The writer Fabrizio Trotti was born in Italy and lives now in Finland. He was recognized as a Father of the Year (Vuoden Isä) in November 2020 among two others. This is the first time an adoptive father is nominated. The award is given by the Ministry of Social Affairs and Health in Finland since year 2006 and the idea is to promote active fatherhood and to acknowledge the importance of fathers.
Kirjoittaja Fabrizio Trotti on Suomessa asuva italialaisisä, joka palkittiin yhtenä Vuoden Isistä 2020. Tämä on ensimmäinen kerta, kun adoptioisyys nousi esiin. Sosiaali- ja terveysministeriö on jakanut tätä palkintoa vuodesta 2006 lähtien ja sen tarkoituksena on edistää aktiivista isyyttä ja nostaa esiin isän roolin merkitystä.
Voit lukea suomenkielisen jutun palkinnosta STM:n tiedotteesta (aukeaa eri välilehdelle) ja palkittujen isien haastattelun Ylen verkkosivuilta (aukeaa eri välilehdelle).
Since I was a teenager, I always wanted a big family with many kids, perhaps because I do not have siblings. That has not changed. I don’t think I was prepared for fatherhood, perhaps you never can. I see fatherhood now as having to get in touch with your own vulnerability, your fears, and limitations. Being a parent is not so much about raising kids as it is about rising above yourself. The two things go hand in hand, and I certainly had underestimated the latter.
I get support from talking to other fathers and sharing experiences. In this, communities such as Adoptioperheet are extremely valuable. I had a chance to meet other fathers who have adopted, or are adopting. When you start talking about your experience, you find a lot of similarities and right away you feel less alone. I am also part of a small group of Italian fathers in Finland and we try to meet once a month to share a good time.
Me and my wife Paola have a daughter, a son adopted from India and we are a support family for a lovely 12-year-old girl. I love all three kids immensely, and the way I am father to them is fairly similar.
With our daughter I had the opportunity to care for her from day one, actually even before she was born. Our relationship developed around me being part of her life, in every possible way.
Our son joined our family when he was 20 months old, so there is a part of his life where I was not there, physically and emotionally. This is important, because when we met and we started living as a family, he did not know me, he did not know what type of father I would be, he did not even know what ”father” meant. Nowadays, I can perhaps appreciate how much of a shock it was for him, and how much that will impact his life. Anyway, our relationship has developed more slowly. Most of the challenges I had were due to me wanting it to go faster and I could not fully understand how difficult it was (and still is) for him.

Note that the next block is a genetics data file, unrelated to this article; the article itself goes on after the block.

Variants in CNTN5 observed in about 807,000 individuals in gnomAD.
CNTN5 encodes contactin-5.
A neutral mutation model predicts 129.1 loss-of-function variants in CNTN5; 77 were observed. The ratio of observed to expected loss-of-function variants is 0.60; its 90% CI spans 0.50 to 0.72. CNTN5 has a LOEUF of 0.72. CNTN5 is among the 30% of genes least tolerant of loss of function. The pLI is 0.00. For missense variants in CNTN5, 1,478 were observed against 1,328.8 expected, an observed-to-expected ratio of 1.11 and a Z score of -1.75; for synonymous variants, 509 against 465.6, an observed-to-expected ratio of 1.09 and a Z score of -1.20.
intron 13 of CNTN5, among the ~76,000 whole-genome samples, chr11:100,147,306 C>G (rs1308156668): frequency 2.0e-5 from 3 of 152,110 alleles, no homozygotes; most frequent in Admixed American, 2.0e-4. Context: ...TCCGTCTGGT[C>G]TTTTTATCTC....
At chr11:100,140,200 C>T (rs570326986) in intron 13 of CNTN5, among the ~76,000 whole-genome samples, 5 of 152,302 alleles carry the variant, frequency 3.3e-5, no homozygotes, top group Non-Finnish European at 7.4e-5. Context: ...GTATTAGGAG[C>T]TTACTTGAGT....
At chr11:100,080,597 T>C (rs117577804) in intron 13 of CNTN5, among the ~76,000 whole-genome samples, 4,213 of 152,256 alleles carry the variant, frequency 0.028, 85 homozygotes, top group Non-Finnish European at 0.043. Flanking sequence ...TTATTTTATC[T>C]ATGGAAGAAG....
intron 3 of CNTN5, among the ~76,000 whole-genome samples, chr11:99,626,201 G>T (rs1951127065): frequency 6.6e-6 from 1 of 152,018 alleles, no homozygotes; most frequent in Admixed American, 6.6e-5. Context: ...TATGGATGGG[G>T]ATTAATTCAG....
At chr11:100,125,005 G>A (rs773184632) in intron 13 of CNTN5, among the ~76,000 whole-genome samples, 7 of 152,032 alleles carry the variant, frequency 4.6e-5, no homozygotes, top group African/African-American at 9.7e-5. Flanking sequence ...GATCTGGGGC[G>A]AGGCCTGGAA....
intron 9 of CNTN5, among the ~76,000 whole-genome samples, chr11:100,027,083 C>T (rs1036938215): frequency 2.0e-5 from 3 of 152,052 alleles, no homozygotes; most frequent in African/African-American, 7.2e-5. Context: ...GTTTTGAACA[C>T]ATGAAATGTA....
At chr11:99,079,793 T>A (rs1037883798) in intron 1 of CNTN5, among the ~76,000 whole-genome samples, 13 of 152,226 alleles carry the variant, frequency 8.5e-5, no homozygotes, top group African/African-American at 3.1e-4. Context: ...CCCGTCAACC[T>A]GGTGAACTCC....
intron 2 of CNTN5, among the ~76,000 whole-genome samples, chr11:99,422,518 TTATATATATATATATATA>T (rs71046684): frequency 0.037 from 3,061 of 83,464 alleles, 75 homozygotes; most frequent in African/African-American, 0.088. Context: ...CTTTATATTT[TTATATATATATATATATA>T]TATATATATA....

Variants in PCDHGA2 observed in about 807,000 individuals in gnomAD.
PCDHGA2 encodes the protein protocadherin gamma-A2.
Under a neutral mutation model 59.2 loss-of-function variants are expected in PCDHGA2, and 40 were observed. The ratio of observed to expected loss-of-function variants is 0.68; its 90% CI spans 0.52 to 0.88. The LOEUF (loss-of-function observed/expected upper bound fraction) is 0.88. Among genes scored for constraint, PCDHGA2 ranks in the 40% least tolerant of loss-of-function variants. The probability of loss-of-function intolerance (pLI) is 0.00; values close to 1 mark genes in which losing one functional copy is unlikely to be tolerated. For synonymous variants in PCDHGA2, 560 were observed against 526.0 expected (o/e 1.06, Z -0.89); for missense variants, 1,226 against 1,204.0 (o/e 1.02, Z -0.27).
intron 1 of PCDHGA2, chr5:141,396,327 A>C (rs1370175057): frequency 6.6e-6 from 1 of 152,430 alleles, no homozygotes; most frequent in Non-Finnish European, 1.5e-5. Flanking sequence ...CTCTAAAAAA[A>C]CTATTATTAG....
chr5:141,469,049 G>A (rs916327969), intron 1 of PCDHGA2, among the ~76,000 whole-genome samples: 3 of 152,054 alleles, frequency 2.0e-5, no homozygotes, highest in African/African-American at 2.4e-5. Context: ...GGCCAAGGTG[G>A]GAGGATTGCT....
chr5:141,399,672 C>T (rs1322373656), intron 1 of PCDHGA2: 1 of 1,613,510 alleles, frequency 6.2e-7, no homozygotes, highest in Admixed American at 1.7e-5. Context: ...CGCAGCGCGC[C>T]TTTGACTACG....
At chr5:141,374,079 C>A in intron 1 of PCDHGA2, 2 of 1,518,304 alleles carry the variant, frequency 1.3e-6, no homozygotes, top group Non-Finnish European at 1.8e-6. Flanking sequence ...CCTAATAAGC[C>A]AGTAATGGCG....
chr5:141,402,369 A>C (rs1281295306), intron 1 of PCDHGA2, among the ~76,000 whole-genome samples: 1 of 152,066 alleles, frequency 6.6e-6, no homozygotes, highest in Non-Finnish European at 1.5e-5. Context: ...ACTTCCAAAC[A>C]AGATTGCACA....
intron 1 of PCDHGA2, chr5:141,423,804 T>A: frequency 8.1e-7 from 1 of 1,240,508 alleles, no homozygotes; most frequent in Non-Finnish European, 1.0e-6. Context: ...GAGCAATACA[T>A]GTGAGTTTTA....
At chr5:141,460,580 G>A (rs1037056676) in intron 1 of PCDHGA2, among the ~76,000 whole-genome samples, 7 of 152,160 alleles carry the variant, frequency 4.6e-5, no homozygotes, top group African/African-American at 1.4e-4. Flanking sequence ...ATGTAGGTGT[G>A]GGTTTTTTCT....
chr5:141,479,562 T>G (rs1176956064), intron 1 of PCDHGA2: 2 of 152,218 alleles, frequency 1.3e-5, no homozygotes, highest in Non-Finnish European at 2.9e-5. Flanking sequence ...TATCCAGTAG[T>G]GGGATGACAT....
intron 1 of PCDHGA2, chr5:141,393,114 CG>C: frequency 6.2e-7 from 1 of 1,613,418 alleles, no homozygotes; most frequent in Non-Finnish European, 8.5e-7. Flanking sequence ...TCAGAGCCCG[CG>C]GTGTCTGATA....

Four years ago we met our tukityttö, the girl we act as a support family for. We felt clearly since the very beginning that the time spent with her would be a blessing to our family. She is such an exceptional, creative, strong girl! Our relationship has developed slowly but steadily, as we only spend limited time together, usually every other weekend. I believe it is important for her to know that I will be there for her when she needs it, no matter what.
I have been joking that my role models as father are fictional characters – Phil Dunphy from tv-show Modern Family and a touch of Ron Swanson from Parks and Recreation. I like how Phil is openly vulnerable and caring. Ron is too, even though he adds that thick layer of sarcasm and gravity, that is very much me.
My father surely taught me a lot, particularly in terms of honesty and presence. He was very much involved in my life, he has taken me to football practices for years, he was interested in what I was doing, and he has shown me the importance of constantly learning and developing. These are all learnings I uphold in my parenting.
Seeing your kids being able to do something today they were not able to do yesterday. Seeing them grow and become their own person, different from yourself. It is perfectly amazing. And if there is one thing that I wish to pass on to all of my children, it is kindness. Towards themselves and towards others.
Sharing thoughts and feelings with someone with similar experiences as yours feels good. A peer understands your day-to-day-life and what you are going through. That is why our members see peer support as an important resource. In case you are looking for an English-Speaking community, please check the Adoptive Families in Finland -group on Facebook (link to the group).
Please check our page Ryhmät ja tapaamiset where you can find different groups all around Finland. Information about webinars and other digital services can be found on our page verkkopalvelut. As most of our content is not available in English, do not hesitate to contact our office for assistance.